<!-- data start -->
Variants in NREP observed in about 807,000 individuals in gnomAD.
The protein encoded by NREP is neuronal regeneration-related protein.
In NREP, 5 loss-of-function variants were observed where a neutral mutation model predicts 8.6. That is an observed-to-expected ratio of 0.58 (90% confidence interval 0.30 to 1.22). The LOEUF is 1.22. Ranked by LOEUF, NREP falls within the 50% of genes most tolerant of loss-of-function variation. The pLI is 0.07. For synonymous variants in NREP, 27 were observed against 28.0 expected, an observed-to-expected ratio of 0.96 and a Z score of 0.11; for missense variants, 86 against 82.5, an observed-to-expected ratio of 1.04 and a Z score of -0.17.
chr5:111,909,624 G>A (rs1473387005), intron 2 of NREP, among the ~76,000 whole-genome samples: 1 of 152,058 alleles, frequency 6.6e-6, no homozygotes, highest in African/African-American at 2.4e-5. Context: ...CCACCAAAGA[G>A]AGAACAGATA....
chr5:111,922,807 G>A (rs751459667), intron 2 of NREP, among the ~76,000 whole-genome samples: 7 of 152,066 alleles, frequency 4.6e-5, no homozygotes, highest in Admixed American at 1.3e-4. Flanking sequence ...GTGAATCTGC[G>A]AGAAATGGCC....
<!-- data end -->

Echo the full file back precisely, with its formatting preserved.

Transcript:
Variants in NREP observed in about 807,000 individuals in gnomAD.
The protein encoded by NREP is neuronal regeneration-related protein.
In NREP, 5 loss-of-function variants were observed where a neutral mutation model predicts 8.6. That is an observed-to-expected ratio of 0.58 (90% confidence interval 0.30 to 1.22). The LOEUF is 1.22. Ranked by LOEUF, NREP falls within the 50% of genes most tolerant of loss-of-function variation. The pLI is 0.07. For synonymous variants in NREP, 27 were observed against 28.0 expected, an observed-to-expected ratio of 0.96 and a Z score of 0.11; for missense variants, 86 against 82.5, an observed-to-expected ratio of 1.04 and a Z score of -0.17.
chr5:111,909,624 G>A (rs1473387005), intron 2 of NREP, among the ~76,000 whole-genome samples: 1 of 152,058 alleles, frequency 6.6e-6, no homozygotes, highest in African/African-American at 2.4e-5. Context: ...CCACCAAAGA[G>A]AGAACAGATA....
chr5:111,922,807 G>A (rs751459667), intron 2 of NREP, among the ~76,000 whole-genome samples: 7 of 152,066 alleles, frequency 4.6e-5, no homozygotes, highest in Admixed American at 1.3e-4. Flanking sequence ...GTGAATCTGC[G>A]AGAAATGGCC....